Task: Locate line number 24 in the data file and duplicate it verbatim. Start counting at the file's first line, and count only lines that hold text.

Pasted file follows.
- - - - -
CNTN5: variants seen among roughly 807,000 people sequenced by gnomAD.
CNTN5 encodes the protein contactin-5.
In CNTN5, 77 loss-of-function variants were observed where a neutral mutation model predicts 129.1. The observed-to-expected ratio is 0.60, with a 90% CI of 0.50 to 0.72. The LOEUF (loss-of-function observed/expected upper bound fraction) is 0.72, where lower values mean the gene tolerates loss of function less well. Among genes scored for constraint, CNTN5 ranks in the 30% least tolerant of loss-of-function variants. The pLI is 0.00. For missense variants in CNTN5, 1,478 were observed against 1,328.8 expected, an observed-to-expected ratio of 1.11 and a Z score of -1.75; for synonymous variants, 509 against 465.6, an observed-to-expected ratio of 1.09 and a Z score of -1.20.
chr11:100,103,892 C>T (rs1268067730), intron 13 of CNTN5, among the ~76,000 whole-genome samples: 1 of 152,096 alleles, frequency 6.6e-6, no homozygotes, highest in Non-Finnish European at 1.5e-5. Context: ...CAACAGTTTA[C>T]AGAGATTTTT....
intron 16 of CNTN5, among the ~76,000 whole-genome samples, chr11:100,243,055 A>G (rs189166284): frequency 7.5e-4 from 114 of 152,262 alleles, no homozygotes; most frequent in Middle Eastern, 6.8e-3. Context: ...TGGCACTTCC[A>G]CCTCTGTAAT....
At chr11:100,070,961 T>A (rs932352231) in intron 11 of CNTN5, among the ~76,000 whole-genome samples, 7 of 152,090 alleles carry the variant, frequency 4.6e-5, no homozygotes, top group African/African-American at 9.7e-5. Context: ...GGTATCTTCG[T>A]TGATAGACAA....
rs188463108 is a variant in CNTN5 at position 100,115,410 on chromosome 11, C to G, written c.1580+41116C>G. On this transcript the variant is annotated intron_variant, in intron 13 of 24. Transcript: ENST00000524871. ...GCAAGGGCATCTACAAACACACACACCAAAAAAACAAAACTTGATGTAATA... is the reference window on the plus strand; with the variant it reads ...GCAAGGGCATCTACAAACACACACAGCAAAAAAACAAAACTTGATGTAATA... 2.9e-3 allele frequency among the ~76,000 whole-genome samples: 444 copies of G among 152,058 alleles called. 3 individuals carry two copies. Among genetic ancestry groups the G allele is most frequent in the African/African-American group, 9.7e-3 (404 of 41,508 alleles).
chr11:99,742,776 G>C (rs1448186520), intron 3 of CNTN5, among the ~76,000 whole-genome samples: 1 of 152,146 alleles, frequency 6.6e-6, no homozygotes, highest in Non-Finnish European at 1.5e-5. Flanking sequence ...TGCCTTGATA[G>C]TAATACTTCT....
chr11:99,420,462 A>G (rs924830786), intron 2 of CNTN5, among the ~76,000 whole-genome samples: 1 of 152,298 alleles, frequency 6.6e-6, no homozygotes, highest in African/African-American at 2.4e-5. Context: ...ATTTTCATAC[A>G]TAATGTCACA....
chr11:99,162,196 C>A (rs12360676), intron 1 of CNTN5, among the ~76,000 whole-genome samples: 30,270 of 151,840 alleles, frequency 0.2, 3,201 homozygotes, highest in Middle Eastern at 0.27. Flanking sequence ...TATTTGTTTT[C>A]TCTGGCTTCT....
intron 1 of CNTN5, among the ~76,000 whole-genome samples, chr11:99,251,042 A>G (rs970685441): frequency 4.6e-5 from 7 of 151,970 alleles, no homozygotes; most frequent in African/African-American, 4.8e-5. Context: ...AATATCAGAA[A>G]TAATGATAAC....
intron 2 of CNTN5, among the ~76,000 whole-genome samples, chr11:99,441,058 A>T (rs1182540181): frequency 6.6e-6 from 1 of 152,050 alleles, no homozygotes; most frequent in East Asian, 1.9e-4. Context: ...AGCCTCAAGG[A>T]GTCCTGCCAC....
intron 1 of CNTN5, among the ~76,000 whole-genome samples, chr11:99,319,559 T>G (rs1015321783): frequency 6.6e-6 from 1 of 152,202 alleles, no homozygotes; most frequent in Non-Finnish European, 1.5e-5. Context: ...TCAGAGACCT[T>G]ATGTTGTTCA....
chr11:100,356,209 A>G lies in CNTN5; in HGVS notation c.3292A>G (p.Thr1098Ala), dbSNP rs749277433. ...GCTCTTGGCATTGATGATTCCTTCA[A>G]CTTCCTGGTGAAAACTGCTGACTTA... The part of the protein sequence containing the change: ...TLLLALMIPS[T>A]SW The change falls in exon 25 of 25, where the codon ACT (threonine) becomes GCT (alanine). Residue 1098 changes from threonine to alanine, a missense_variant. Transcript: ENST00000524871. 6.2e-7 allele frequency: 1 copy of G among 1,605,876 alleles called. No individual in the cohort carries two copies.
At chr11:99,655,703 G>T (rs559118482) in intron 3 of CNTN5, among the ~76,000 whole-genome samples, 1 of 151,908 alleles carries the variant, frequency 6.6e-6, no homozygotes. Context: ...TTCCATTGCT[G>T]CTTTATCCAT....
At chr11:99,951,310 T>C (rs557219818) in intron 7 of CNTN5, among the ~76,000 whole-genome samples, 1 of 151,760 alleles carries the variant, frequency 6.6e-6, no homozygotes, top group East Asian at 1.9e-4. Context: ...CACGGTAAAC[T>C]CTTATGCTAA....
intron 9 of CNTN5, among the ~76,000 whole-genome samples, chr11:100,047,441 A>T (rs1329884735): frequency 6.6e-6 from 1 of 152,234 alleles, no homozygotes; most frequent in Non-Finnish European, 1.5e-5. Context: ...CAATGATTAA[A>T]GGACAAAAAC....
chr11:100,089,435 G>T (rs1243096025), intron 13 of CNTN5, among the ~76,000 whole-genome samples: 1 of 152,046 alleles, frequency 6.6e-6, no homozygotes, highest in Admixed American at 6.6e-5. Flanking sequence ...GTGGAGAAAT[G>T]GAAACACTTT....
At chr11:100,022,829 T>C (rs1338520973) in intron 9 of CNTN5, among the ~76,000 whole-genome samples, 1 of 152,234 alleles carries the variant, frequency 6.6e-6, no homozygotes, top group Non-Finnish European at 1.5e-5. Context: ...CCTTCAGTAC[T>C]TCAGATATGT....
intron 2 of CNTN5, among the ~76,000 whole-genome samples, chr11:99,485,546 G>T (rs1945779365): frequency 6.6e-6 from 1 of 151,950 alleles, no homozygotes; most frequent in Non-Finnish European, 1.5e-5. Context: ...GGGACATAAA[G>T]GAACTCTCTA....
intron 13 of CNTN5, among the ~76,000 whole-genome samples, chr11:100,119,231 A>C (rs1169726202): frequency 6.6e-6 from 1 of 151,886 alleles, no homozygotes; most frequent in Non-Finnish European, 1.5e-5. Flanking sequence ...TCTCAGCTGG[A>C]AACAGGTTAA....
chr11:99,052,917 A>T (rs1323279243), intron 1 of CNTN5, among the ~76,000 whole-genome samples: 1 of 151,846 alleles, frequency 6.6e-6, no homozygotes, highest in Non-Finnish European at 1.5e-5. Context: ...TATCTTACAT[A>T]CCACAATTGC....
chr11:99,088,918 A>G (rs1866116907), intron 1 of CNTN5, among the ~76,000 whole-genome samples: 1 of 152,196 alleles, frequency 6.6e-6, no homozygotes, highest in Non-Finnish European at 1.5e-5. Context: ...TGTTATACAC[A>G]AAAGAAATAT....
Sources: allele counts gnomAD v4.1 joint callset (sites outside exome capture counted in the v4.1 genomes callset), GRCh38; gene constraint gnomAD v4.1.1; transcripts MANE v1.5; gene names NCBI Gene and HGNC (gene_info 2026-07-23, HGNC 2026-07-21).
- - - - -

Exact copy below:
Sources: allele counts gnomAD v4.1 joint callset (sites outside exome capture counted in the v4.1 genomes callset), GRCh38; gene constraint gnomAD v4.1.1; transcripts MANE v1.5; gene names NCBI Gene and HGNC (gene_info 2026-07-23, HGNC 2026-07-21).